This column was originally published on RealMoney on Jan. 9 at 10:05 a.m. EST. It's being republished as a bonus for TheStreet.com readers. For more information about subscribing to RealMoney, please click here .

Michael Jackson and the late Steve Irwin both might have appreciated the showmanship exhibited by various commodity markets last week. Dangle the innocent in front of danger and people take notice, albeit simplistically and not always correctly.

As I promised in a Columnist Conversation post last week, let's review the relationship between various commodity prices and selected financial markets, emerging markets in particular.

First, it's interesting to note that I addressed a similar concern in mid-October after a similar downturn in commodity markets. The concern then was that declining copper prices were signaling the demise of the global economy and, while we were at it, death and destruction in financial markets.

That column was penned using data through Oct. 13, 2006. Copper prices have declined 24.79% since that time, while the total return on the Morgan Stanley World index was 6.1345% in dollar terms.

Anyone who based their economic outlook or, worse, investment plan on copper prices reaped the just desserts of their own intellectual carelessness, and sloth to boot. While copper declined sharply, aluminum was barely down over the period and other key industrial metals such as lead, tin, nickel and zinc all rose in price. Once again, it is a market of commodities, not a commodities market.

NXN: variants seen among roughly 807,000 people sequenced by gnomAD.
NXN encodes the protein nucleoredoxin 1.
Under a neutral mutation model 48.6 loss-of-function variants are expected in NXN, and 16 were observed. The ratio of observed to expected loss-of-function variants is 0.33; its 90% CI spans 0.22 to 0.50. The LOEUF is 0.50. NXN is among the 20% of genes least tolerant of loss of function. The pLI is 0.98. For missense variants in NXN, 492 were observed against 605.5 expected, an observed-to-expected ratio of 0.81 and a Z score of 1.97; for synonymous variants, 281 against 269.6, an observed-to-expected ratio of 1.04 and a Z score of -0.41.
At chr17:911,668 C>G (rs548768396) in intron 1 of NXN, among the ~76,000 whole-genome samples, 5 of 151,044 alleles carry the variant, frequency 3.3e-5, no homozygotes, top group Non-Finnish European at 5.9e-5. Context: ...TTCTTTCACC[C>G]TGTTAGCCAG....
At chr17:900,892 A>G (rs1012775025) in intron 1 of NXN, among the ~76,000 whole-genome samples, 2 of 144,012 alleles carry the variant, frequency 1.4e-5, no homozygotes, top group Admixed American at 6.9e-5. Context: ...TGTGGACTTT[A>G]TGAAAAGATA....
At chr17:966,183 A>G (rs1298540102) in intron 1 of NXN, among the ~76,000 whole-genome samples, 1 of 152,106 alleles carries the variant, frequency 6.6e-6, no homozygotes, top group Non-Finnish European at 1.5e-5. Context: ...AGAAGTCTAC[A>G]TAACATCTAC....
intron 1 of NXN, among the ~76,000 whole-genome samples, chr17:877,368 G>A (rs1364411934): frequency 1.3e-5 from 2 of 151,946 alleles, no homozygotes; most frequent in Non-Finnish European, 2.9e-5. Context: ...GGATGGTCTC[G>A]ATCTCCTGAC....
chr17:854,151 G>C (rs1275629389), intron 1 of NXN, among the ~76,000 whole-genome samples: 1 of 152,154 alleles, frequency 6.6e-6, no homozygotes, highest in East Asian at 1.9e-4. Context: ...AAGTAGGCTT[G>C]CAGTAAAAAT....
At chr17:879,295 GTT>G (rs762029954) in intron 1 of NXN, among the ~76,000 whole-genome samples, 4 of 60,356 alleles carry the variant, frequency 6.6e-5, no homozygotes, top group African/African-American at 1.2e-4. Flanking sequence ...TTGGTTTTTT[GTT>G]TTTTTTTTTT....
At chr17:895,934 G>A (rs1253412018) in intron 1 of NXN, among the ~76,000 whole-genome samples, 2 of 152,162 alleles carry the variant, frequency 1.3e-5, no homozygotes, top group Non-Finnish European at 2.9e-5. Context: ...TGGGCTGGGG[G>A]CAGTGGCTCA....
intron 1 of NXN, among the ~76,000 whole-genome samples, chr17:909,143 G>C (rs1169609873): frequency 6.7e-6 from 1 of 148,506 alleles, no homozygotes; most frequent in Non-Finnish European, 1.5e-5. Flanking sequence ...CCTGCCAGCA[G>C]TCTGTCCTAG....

Click here for larger image.
Source: Bloomberg, Howard Simons

Impact on Emerging Markets

Now let's turn our attention to the question of whether a downtrend in commodity prices will negatively affect the performance of emerging markets as measured by the Morgan Stanley Emerging Markets Free index. Over the past 20 years, this index has had two prolonged periods of outperformance against both the World index and the Europe, Australasia and Far East (EAFE) index, all expressed in dollar terms. The first ended in late 1994; the second is ongoing still.

At the end of the holding period, an American investor able to withstand the volatility inherent in the Morgan Stanley Emerging Markets Free index would have been well-rewarded in comparison to the alternatives.


Click here for larger image.
Source: Bloomberg, Howard Simons

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